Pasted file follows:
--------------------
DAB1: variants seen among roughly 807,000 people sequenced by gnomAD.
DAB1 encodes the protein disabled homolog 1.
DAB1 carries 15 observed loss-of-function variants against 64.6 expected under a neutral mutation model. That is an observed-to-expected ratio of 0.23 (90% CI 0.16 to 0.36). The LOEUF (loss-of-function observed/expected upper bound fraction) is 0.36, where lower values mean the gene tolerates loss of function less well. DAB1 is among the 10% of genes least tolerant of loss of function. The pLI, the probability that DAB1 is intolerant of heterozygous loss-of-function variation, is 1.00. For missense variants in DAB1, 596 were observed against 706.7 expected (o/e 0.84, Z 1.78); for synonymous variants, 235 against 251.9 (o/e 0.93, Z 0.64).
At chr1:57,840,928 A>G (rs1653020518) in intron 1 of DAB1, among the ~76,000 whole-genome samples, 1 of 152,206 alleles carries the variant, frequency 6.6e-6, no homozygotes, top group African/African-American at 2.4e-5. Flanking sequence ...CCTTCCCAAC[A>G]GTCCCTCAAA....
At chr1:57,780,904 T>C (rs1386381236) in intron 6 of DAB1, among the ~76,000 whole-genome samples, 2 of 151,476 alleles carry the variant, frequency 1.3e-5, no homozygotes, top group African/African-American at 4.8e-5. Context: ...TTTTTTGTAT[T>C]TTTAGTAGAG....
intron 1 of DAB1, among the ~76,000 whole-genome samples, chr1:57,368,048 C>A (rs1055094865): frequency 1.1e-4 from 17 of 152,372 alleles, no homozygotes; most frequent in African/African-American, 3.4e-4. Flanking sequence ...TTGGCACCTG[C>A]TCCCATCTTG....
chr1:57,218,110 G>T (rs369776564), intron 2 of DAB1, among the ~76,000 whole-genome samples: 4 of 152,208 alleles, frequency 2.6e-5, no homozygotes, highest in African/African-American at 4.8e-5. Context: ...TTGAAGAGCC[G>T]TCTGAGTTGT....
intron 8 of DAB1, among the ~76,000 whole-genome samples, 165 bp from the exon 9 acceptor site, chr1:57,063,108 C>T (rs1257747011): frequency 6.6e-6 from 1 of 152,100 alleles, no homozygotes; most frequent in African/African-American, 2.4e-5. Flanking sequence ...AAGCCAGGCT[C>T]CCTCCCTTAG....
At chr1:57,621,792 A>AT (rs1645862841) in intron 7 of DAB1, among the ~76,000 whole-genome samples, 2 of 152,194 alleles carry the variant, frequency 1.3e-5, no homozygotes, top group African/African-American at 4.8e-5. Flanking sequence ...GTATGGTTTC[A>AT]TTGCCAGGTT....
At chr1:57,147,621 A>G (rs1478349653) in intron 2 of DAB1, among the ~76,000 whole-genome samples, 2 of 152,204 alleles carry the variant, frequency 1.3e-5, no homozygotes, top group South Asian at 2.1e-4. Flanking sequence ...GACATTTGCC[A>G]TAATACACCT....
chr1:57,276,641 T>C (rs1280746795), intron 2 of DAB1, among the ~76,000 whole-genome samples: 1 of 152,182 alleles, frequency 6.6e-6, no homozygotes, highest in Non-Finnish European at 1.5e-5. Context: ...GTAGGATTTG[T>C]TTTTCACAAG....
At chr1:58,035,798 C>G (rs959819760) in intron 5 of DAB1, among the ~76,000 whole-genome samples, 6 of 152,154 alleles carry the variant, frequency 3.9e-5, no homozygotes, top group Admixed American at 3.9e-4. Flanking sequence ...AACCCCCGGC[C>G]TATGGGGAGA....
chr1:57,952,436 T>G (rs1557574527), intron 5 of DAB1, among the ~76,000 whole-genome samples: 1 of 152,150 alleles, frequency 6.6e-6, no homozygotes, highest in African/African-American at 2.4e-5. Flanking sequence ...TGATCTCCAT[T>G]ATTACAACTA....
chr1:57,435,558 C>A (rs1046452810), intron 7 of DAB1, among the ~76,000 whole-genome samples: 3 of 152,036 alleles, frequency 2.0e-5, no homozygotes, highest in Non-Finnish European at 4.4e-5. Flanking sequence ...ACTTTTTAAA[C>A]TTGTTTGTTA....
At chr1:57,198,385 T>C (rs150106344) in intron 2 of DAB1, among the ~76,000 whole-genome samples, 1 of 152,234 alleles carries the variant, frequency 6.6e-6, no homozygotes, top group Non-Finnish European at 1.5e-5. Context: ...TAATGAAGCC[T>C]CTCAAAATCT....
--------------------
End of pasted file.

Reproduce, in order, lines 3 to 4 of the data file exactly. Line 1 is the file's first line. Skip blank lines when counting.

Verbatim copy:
DAB1 carries 15 observed loss-of-function variants against 64.6 expected under a neutral mutation model. That is an observed-to-expected ratio of 0.23 (90% CI 0.16 to 0.36). The LOEUF (loss-of-function observed/expected upper bound fraction) is 0.36, where lower values mean the gene tolerates loss of function less well. DAB1 is among the 10% of genes least tolerant of loss of function. The pLI, the probability that DAB1 is intolerant of heterozygous loss-of-function variation, is 1.00. For missense variants in DAB1, 596 were observed against 706.7 expected (o/e 0.84, Z 1.78); for synonymous variants, 235 against 251.9 (o/e 0.93, Z 0.64).
At chr1:57,840,928 A>G (rs1653020518) in intron 1 of DAB1, among the ~76,000 whole-genome samples, 1 of 152,206 alleles carries the variant, frequency 6.6e-6, no homozygotes, top group African/African-American at 2.4e-5. Flanking sequence ...CCTTCCCAAC[A>G]GTCCCTCAAA....